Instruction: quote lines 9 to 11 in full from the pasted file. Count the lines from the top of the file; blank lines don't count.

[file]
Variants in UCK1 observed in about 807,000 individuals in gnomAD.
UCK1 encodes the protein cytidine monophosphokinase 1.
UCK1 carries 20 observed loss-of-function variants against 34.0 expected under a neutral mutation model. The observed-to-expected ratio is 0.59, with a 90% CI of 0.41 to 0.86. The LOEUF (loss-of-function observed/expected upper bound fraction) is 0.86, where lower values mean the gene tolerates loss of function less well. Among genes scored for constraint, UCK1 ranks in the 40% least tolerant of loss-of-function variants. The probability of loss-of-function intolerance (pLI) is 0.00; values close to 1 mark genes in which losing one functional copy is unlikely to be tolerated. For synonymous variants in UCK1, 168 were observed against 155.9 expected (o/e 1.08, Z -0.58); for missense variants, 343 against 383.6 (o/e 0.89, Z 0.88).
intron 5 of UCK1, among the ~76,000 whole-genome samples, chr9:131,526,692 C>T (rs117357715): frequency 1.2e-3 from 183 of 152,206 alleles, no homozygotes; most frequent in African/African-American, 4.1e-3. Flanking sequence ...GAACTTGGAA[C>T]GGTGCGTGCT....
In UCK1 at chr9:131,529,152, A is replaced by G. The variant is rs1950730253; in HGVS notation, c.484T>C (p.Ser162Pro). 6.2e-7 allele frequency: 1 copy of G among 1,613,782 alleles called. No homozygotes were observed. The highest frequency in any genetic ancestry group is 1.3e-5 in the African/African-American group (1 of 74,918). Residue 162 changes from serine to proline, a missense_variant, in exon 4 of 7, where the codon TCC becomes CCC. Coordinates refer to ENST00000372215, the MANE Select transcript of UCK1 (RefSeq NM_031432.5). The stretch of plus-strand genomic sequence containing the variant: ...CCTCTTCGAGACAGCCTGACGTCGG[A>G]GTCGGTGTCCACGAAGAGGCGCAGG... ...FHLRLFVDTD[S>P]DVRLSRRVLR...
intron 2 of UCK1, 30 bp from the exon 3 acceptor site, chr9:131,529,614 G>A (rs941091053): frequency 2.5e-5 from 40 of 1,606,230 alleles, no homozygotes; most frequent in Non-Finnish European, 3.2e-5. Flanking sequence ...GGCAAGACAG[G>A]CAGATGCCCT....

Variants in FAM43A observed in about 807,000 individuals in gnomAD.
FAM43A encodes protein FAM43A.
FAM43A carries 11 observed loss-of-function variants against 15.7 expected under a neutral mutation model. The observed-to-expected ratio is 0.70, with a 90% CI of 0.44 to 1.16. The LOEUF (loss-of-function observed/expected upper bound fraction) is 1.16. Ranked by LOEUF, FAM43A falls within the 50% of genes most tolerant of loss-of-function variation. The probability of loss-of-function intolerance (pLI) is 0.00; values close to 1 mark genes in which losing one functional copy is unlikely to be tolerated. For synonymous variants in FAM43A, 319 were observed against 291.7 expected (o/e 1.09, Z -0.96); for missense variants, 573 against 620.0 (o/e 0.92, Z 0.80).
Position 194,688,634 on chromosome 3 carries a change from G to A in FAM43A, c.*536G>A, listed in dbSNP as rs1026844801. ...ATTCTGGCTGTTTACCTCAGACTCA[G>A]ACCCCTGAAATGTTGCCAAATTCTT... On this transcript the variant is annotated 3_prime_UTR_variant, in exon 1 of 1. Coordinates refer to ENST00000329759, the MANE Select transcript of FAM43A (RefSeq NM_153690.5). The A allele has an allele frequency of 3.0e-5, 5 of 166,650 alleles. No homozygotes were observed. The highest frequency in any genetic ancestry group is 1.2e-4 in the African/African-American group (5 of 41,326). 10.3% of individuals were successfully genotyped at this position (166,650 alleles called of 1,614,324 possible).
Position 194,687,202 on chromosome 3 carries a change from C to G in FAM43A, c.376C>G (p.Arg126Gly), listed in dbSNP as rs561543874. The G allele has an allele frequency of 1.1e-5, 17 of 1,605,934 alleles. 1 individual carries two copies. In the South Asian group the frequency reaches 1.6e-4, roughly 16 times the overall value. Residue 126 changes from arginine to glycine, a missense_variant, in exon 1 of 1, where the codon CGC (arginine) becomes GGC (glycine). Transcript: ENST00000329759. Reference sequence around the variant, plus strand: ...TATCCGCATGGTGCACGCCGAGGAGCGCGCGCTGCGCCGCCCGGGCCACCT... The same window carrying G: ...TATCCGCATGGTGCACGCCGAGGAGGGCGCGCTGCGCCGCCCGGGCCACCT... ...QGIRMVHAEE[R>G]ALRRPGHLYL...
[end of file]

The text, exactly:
FAM43A carries 11 observed loss-of-function variants against 15.7 expected under a neutral mutation model. The observed-to-expected ratio is 0.70, with a 90% CI of 0.44 to 1.16. The LOEUF (loss-of-function observed/expected upper bound fraction) is 1.16. Ranked by LOEUF, FAM43A falls within the 50% of genes most tolerant of loss-of-function variation. The probability of loss-of-function intolerance (pLI) is 0.00; values close to 1 mark genes in which losing one functional copy is unlikely to be tolerated. For synonymous variants in FAM43A, 319 were observed against 291.7 expected (o/e 1.09, Z -0.96); for missense variants, 573 against 620.0 (o/e 0.92, Z 0.80).
Position 194,688,634 on chromosome 3 carries a change from G to A in FAM43A, c.*536G>A, listed in dbSNP as rs1026844801. ...ATTCTGGCTGTTTACCTCAGACTCA[G>A]ACCCCTGAAATGTTGCCAAATTCTT... On this transcript the variant is annotated 3_prime_UTR_variant, in exon 1 of 1. Coordinates refer to ENST00000329759, the MANE Select transcript of FAM43A (RefSeq NM_153690.5). The A allele has an allele frequency of 3.0e-5, 5 of 166,650 alleles. No homozygotes were observed. The highest frequency in any genetic ancestry group is 1.2e-4 in the African/African-American group (5 of 41,326). 10.3% of individuals were successfully genotyped at this position (166,650 alleles called of 1,614,324 possible).
Position 194,687,202 on chromosome 3 carries a change from C to G in FAM43A, c.376C>G (p.Arg126Gly), listed in dbSNP as rs561543874. The G allele has an allele frequency of 1.1e-5, 17 of 1,605,934 alleles. 1 individual carries two copies. In the South Asian group the frequency reaches 1.6e-4, roughly 16 times the overall value. Residue 126 changes from arginine to glycine, a missense_variant, in exon 1 of 1, where the codon CGC (arginine) becomes GGC (glycine). Transcript: ENST00000329759. Reference sequence around the variant, plus strand: ...TATCCGCATGGTGCACGCCGAGGAGCGCGCGCTGCGCCGCCCGGGCCACCT... The same window carrying G: ...TATCCGCATGGTGCACGCCGAGGAGGGCGCGCTGCGCCGCCCGGGCCACCT... ...QGIRMVHAEE[R>G]ALRRPGHLYL...